The rest of the weekend in a nutshell:

  • "Cub Club" was a club for kids where they could make crafts, play, and watch TV, and they also had "story time" every evening, where a story teller came out and read a couple of books (the night we went, it was "Green Eggs and Ham" and Robert Munsch's "Mortimer"). The kids really enjoyed that.
  • The food was good and not overpriced for the most part. The food at the snack bar was pretty good, and the dinner buffet was excellent. The breakfast buffet was also very good but expensive, so I wouldn't do that again, especially considering that there were more reasonably priced alternatives. There were a couple of little cafés in the hotel that had muffins and doughnuts and even bowls of cereal.
  • There was an arcade as well, with both standard video games as well as games where you win tickets which can be cashed in for prizes. The tokens were not as expensive as at other arcades I've been to. Of course, we paid $60 in tokens all told, and ended up with maybe $15 worth of prizes, but that's to be expected.
  • One night, Ryan wandered into the arcade accidentally (we asked him to go find one of our friends in front of the arcade, but he misunderstood). He saw a light flashing on a game, hit a button, and won 150 tickets. Another time, he put a token in a "Wheel of Fortune" type game, hit the button at exactly the right time, and won 250 tickets. Those two wins constituted about one third of the whole family's total winnings all weekend.
  • We had dinner at the Rainforest Cafe right at the base of Clifton Hill on Saturday night. Afterwards, we went for a ride on the Niagara Skywheel further up the hill, where we had a great view of the falls and the rest of the city, though I spent half the time fumbling with the new camera, trying to take a picture that actually looked good. Because it was at night, the camera wanted to use the flash and it ended up bouncing off the glass. Turning the flash off didn't help either, because it then kept the shutter open longer, and so everything was blurry. I'm quite sure the real problem was user error, but I'll figure it out, eventually.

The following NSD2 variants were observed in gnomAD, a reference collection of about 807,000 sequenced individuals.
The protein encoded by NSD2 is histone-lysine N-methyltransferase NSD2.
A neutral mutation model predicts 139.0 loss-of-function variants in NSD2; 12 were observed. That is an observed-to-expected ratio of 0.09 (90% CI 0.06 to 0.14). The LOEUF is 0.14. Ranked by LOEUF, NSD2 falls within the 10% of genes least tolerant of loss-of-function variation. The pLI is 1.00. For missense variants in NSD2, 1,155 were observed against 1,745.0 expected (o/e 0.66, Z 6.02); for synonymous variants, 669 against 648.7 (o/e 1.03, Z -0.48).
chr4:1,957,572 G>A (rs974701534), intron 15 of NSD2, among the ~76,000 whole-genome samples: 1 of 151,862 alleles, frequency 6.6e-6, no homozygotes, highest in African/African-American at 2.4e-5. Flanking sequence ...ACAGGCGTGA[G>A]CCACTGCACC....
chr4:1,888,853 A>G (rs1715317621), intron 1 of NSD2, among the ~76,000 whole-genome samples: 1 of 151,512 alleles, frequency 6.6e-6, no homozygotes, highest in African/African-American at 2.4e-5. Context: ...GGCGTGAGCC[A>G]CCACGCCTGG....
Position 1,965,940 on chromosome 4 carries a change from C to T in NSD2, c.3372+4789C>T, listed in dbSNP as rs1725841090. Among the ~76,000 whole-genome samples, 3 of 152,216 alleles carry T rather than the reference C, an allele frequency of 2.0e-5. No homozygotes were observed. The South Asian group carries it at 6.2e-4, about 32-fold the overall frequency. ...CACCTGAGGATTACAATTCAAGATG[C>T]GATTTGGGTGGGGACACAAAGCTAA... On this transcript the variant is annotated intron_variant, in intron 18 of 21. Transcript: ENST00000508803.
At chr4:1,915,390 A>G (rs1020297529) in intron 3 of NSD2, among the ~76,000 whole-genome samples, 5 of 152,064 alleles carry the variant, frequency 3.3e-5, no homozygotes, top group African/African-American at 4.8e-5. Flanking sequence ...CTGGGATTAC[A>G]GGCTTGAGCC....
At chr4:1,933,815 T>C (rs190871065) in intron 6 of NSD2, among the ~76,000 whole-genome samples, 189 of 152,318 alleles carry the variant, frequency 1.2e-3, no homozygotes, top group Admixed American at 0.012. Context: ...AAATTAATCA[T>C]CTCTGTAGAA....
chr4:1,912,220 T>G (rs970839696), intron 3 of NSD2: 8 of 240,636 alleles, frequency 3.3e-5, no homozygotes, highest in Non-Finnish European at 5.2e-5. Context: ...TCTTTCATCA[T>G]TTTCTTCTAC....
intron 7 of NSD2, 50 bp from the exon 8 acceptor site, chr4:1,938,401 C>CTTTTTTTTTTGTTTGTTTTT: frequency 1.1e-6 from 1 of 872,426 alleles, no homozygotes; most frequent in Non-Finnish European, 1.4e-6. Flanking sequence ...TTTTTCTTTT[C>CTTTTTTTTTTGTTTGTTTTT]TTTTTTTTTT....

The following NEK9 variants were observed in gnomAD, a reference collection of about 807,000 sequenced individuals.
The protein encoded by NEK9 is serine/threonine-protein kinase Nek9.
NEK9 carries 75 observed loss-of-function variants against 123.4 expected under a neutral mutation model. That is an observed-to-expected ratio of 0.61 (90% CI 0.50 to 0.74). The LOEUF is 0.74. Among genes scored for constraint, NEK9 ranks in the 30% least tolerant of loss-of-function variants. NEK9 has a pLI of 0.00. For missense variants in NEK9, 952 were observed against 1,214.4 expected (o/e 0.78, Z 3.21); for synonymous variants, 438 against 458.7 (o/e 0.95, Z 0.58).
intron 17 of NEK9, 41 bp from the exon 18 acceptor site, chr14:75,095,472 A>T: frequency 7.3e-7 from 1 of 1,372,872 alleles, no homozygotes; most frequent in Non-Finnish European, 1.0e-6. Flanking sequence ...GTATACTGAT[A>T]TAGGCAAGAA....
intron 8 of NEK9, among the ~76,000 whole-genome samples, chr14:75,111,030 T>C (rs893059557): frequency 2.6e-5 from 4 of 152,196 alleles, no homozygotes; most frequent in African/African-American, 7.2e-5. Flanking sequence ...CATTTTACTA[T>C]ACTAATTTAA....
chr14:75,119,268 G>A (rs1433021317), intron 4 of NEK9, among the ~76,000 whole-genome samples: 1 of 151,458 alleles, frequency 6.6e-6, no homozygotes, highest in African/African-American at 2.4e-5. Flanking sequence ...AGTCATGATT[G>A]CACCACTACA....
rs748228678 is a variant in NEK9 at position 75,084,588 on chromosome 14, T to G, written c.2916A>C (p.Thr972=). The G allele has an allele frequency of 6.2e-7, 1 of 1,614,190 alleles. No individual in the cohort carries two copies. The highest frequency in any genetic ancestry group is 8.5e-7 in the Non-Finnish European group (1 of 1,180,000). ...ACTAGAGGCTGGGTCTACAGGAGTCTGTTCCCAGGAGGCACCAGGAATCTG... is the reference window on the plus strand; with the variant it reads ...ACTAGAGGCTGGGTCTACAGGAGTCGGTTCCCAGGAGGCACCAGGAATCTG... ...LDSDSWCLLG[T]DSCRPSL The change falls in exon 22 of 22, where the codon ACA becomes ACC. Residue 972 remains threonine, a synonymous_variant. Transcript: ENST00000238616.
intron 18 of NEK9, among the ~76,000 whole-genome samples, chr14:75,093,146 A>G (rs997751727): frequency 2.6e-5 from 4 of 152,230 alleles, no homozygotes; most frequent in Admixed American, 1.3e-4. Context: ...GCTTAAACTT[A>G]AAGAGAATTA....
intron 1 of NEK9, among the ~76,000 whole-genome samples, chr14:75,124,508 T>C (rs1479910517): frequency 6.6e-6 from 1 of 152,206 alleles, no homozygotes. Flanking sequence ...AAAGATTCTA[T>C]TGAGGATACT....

• After the giant wheel, we drove out to see the Winter Festival of Lights, which was very cool, as always. We try to get out there every year.
  • In the waterpark, chlorine smell was surprisingly minimal, considering the amount of water and the fact that it was indoors. By Sunday afternoon, however, it was starting to get to me. By the time we left, I was coughing almost uncontrollably, but the coughing stopped minutes after we left the water park area.

Gail had to miss Saturday entirely because of a funeral. Her great uncle James passed away on New Years Day, and the funeral was on Saturday in Ingersoll, so she had to drive two hours each way. This was the second vacation in the last year that was interrupted by a death in the family — our trip north last July was cut short after Gail's aunt passed away unexpectedly. You hate to say this about any death, but Uncle James's passing wasn't quite as tragic as Aunt Barbie's — she was only 57 and her death was unexpected, while Uncle James was 85 and hadn't been in great health for a while. Over Christmas, we had discussed the idea of having a little "reunion" some time soon, as James and his sister Helen (Gail's grandfather's brother and sister) and their spouses (Gail's dad jokingly refers to the four of them as the Matthews "elders") were getting up there in age. Unfortunately the idea came too late.

I've put some pictures from the weekend up at my family web site.

Thursday, January 03, 2008

Next we're getting rid of the rotary dial phone